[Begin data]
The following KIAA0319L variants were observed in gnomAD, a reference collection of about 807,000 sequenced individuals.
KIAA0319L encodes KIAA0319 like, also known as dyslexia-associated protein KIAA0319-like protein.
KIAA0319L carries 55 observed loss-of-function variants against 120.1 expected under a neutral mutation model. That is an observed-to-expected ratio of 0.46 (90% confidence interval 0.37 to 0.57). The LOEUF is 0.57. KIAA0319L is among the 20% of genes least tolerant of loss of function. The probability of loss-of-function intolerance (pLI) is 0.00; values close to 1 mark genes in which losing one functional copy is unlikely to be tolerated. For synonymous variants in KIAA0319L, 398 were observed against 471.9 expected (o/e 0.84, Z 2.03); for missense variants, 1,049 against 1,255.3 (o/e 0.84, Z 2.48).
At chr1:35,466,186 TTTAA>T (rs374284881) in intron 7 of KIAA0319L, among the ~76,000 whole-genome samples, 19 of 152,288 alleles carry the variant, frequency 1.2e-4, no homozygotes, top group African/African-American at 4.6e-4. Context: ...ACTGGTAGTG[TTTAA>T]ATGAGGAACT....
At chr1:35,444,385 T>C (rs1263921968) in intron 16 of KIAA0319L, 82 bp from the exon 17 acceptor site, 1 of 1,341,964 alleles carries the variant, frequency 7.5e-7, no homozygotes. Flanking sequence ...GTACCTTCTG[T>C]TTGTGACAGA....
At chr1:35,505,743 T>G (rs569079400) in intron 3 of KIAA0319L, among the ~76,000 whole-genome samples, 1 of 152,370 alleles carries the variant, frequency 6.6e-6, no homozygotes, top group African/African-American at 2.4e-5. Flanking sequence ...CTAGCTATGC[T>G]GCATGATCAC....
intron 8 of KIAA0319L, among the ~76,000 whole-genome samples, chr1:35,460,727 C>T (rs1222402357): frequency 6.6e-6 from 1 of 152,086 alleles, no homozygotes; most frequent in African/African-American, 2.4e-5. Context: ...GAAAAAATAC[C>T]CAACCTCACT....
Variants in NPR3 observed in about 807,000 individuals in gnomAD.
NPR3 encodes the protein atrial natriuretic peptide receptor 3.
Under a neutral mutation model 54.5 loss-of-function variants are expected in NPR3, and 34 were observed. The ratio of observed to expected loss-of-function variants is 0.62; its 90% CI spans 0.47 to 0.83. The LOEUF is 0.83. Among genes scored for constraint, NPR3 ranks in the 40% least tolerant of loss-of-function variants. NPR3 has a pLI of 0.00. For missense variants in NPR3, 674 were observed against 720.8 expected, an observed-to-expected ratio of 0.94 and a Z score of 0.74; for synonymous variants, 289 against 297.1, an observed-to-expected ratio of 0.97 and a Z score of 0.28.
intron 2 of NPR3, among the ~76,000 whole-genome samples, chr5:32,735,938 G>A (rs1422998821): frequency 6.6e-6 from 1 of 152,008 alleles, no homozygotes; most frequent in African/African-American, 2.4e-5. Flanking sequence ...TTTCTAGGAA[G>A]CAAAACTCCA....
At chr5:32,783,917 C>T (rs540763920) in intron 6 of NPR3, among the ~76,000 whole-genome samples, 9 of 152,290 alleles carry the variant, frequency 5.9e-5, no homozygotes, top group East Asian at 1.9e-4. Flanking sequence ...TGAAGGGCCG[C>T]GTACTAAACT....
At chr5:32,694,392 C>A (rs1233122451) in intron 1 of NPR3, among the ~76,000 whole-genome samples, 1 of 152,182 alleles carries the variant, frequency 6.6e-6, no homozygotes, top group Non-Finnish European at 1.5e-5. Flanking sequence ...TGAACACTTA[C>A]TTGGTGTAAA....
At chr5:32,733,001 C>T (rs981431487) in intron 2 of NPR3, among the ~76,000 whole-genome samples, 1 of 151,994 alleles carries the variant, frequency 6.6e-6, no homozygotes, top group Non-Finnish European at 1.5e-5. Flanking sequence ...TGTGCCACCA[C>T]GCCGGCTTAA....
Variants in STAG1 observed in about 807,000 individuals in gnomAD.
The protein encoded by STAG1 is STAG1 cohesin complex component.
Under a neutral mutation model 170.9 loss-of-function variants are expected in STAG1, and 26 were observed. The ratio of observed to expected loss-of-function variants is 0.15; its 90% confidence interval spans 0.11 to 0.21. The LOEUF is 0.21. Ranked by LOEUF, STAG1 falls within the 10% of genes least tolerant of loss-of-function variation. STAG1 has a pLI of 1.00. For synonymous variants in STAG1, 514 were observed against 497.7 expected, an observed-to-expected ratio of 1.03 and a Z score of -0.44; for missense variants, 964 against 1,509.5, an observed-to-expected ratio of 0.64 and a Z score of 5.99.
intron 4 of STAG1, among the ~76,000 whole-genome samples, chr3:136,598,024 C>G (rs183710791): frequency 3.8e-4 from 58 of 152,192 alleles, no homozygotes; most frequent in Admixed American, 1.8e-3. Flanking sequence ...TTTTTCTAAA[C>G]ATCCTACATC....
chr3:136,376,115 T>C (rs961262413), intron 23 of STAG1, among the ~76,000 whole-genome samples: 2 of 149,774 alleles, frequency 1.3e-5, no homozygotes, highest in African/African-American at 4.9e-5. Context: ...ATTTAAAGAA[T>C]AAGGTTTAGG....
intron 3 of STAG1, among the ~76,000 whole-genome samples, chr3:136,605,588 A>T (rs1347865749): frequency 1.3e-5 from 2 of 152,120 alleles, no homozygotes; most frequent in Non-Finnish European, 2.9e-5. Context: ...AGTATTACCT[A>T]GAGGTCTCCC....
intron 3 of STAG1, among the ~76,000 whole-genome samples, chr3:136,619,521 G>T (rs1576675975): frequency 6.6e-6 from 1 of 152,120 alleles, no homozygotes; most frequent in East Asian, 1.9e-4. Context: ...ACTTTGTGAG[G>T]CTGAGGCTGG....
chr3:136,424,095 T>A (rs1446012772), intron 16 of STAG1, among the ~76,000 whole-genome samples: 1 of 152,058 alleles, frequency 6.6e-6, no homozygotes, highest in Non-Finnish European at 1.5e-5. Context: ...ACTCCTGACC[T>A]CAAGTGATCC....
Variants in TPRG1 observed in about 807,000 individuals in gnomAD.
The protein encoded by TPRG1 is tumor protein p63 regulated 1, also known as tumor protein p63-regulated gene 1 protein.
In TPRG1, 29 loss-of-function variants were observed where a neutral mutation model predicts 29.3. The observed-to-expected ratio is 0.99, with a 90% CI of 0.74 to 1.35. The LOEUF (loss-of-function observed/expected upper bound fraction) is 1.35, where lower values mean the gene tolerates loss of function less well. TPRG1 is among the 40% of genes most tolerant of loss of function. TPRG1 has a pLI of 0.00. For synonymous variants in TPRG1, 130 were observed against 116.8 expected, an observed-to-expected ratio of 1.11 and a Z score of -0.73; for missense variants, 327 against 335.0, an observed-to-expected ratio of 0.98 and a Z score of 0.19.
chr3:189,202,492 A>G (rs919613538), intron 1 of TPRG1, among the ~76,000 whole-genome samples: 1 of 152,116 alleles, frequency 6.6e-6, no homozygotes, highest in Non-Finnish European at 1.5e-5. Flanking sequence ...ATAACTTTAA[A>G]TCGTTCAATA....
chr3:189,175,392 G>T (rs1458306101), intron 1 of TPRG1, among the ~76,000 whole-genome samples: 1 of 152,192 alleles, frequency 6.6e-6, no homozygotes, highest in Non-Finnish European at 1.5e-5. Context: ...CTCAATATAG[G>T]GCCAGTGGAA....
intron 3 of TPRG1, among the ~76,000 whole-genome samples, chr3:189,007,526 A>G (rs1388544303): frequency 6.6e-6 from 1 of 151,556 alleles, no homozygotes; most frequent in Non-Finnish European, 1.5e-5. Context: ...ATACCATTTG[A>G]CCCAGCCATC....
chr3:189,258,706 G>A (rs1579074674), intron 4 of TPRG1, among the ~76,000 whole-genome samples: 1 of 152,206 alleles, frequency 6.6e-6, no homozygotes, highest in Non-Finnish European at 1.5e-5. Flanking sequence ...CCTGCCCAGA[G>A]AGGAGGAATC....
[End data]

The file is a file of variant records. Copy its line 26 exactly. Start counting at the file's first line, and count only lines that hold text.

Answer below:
chr3:189,202,492 A>G (rs919613538), intron 1 of TPRG1, among the ~76,000 whole-genome samples: 1 of 152,116 alleles, frequency 6.6e-6, no homozygotes, highest in Non-Finnish European at 1.5e-5. Flanking sequence ...ATAACTTTAA[A>G]TCGTTCAATA....